“One of the most dazzling books I have read in a very long time. The product of a brilliant mind and a gift to a world hungering for justice.”—Naomi Klein, author of No Logo and The Shock Doctrine
Half the world is malnourished, the other half obese—both symptoms of the corporate food monopoly. To show how a few powerful distributors control the health of the entire world, Raj Patel conducts a global investigation, traveling from the “green deserts” of Brazil and protester-packed streets of South Korea to bankrupt Ugandan coffee farms and barren fields of India. What he uncovers is shocking—the real reasons for famine in Asia and Africa, an epidemic of farmer suicides, and the false choices and conveniences in supermarkets. Yet he also finds hope—in international resistance movements working to create a more democratic, sustainable, and joyful food system.
From seed to store to plate, Stuffed and Starved explains the steps to regain control of the global food economy, stop the exploitation of farmers and consumers, and rebalance global sustenance.
RAJ PATEL, policy analyst for Food First, a leading food think tank, is a visiting scholar at the UC Berkeley Center for African Studies. He has written for the Los Angeles Times and the Guardian, and though he has worked for the World Bank, WTO, and the UN, he’s also been tear-gassed on four continents protesting them.
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Raj Patel, former policy analyst for Food First, a leading food think tank, is a visiting scholar at the UC Berkeley Center for African Studies. He has written for the Los Angeles Times and the Guardian, and though he has worked for the World Bank, WTO, and the UN, he's also been tear-gassed on four continents protesting them.Excerpt. © Reprinted by permission. All rights reserved.:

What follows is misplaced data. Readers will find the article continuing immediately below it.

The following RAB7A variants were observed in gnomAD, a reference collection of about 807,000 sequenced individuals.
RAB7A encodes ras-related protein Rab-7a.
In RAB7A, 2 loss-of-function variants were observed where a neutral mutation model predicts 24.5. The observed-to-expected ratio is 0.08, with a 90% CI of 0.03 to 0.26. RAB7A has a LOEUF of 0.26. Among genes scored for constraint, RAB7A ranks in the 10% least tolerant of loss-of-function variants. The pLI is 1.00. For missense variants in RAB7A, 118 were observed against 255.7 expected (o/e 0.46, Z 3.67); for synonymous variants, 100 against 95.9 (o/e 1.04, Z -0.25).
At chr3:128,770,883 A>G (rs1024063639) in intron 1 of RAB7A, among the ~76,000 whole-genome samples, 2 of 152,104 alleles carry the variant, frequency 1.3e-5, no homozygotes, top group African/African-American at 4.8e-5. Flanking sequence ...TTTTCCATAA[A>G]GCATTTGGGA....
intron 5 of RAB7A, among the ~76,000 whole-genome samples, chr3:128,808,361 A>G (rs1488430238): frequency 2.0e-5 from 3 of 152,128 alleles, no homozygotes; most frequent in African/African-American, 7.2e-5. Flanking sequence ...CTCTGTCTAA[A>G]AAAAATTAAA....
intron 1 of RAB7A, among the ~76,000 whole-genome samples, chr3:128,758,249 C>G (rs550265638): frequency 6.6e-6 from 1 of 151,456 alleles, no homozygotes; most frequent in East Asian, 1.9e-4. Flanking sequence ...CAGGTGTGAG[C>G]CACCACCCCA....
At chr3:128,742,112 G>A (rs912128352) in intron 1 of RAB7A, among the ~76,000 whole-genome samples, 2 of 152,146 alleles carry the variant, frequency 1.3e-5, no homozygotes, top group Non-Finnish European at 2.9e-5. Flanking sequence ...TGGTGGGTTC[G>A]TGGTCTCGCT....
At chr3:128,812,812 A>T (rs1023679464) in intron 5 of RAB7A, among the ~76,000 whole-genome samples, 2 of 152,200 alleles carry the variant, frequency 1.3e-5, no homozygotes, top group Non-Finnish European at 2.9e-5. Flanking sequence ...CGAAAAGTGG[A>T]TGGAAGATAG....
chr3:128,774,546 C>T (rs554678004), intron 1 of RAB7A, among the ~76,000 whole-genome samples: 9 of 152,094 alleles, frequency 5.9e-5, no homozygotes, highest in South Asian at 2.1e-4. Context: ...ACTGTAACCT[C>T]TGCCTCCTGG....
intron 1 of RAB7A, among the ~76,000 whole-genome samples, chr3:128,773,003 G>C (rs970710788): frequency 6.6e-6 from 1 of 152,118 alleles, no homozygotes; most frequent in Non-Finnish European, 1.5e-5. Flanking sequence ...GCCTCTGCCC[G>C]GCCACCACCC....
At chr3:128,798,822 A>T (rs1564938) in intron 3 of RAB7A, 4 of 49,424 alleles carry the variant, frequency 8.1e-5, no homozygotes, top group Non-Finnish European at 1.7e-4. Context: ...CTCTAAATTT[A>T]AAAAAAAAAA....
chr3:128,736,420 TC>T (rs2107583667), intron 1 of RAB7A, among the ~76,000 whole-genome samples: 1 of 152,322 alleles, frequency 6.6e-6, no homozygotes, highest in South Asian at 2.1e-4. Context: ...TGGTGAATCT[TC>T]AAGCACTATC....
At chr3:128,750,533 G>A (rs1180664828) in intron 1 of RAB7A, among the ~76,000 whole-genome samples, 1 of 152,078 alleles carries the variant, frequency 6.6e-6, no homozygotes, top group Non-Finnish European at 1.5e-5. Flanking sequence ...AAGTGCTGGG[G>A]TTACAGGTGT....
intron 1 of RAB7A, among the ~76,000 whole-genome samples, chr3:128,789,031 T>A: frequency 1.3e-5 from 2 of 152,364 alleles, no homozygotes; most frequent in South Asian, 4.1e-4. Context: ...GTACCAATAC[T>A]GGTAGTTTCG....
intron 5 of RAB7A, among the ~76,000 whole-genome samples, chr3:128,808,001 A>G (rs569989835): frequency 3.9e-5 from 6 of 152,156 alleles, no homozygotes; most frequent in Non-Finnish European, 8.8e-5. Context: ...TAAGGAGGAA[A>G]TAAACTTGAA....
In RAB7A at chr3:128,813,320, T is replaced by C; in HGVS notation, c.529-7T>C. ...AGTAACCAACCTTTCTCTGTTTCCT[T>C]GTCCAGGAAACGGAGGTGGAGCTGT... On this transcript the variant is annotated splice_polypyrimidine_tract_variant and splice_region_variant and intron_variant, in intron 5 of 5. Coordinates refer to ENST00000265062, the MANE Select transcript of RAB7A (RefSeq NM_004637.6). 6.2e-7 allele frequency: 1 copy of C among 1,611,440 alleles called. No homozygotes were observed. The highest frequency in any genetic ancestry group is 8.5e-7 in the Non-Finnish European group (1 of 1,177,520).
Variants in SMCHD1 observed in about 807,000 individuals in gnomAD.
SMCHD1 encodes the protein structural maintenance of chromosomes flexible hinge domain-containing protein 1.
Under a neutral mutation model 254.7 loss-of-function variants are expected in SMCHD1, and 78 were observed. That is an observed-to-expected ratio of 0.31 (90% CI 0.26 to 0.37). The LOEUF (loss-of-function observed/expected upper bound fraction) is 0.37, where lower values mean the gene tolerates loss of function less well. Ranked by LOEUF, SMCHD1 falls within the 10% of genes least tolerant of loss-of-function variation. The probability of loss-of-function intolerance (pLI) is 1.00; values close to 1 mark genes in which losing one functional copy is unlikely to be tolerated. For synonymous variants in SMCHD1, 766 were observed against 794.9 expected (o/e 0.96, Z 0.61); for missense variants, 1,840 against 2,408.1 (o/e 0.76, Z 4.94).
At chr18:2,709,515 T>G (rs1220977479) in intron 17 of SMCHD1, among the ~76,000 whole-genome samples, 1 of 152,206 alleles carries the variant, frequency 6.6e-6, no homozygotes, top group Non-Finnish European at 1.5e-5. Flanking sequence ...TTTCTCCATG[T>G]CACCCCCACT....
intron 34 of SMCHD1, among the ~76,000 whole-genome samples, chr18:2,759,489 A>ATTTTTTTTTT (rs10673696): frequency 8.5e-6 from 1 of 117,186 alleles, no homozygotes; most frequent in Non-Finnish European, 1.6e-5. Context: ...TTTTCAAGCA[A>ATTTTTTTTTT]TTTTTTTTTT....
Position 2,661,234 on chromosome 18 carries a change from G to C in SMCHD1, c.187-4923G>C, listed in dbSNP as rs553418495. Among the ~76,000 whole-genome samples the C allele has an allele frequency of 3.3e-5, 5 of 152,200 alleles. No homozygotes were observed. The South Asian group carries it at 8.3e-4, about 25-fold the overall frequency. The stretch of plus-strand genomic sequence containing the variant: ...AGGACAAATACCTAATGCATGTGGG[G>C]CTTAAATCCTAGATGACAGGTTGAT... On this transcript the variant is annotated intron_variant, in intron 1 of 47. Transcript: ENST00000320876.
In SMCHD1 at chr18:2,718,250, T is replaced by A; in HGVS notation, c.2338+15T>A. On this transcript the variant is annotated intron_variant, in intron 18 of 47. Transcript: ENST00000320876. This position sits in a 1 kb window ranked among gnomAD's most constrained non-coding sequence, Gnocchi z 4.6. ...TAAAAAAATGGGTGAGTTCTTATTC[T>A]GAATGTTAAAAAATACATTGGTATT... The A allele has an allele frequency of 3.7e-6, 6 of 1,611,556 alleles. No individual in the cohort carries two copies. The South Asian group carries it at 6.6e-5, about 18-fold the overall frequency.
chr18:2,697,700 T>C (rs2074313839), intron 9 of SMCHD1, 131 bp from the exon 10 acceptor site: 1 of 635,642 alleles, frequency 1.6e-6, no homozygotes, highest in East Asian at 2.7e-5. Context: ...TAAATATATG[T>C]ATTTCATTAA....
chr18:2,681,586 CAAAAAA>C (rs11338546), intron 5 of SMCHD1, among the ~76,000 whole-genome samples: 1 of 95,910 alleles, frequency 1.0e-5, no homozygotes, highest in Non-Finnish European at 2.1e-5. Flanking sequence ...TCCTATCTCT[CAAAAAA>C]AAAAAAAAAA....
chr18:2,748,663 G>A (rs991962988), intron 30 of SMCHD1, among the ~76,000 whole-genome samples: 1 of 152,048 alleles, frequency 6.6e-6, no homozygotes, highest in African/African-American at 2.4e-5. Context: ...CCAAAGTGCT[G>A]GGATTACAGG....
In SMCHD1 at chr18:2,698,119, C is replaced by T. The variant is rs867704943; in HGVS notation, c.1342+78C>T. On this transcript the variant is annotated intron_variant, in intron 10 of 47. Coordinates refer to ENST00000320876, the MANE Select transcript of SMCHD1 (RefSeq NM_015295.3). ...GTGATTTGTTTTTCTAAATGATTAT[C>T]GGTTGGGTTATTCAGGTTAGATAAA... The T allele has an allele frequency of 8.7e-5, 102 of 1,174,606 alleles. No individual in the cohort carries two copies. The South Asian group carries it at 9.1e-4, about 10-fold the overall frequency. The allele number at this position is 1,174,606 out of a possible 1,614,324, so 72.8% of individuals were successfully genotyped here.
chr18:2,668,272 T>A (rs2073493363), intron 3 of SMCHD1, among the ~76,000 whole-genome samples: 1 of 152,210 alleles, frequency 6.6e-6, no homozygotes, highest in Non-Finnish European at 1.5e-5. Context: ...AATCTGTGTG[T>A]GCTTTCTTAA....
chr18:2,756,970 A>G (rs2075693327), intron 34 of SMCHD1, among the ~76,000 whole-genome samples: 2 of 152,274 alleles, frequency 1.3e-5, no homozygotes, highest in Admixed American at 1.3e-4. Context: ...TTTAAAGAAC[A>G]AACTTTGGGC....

Today, when we produce more food than ever before, more than one in ten people on Earth are hungry. The hunger of 800 million happens at the same time as another historical first: that they are outnumbered by the one billion people on this planet who are overweight. Global hunger and obesity are symptoms of the same problem and, what’s more, the route to eradicating world hunger is also the way to prevent global epidemics of diabetes and heart disease, and to address a host of environmental and social ills. Overweight and hungry people are linked through the chains of production that bring food from fields to our plate. Guided by the profit motive, the corporations that sell our food shape and constrain how we eat, and how we think about food. The limitations are clearest at the fast food outlet, where the spectrum of choice runs from McMuffin to McNugget. But there are hidden and systemic constraints even when we feel we’re beyond the purview of Ronald McDonald.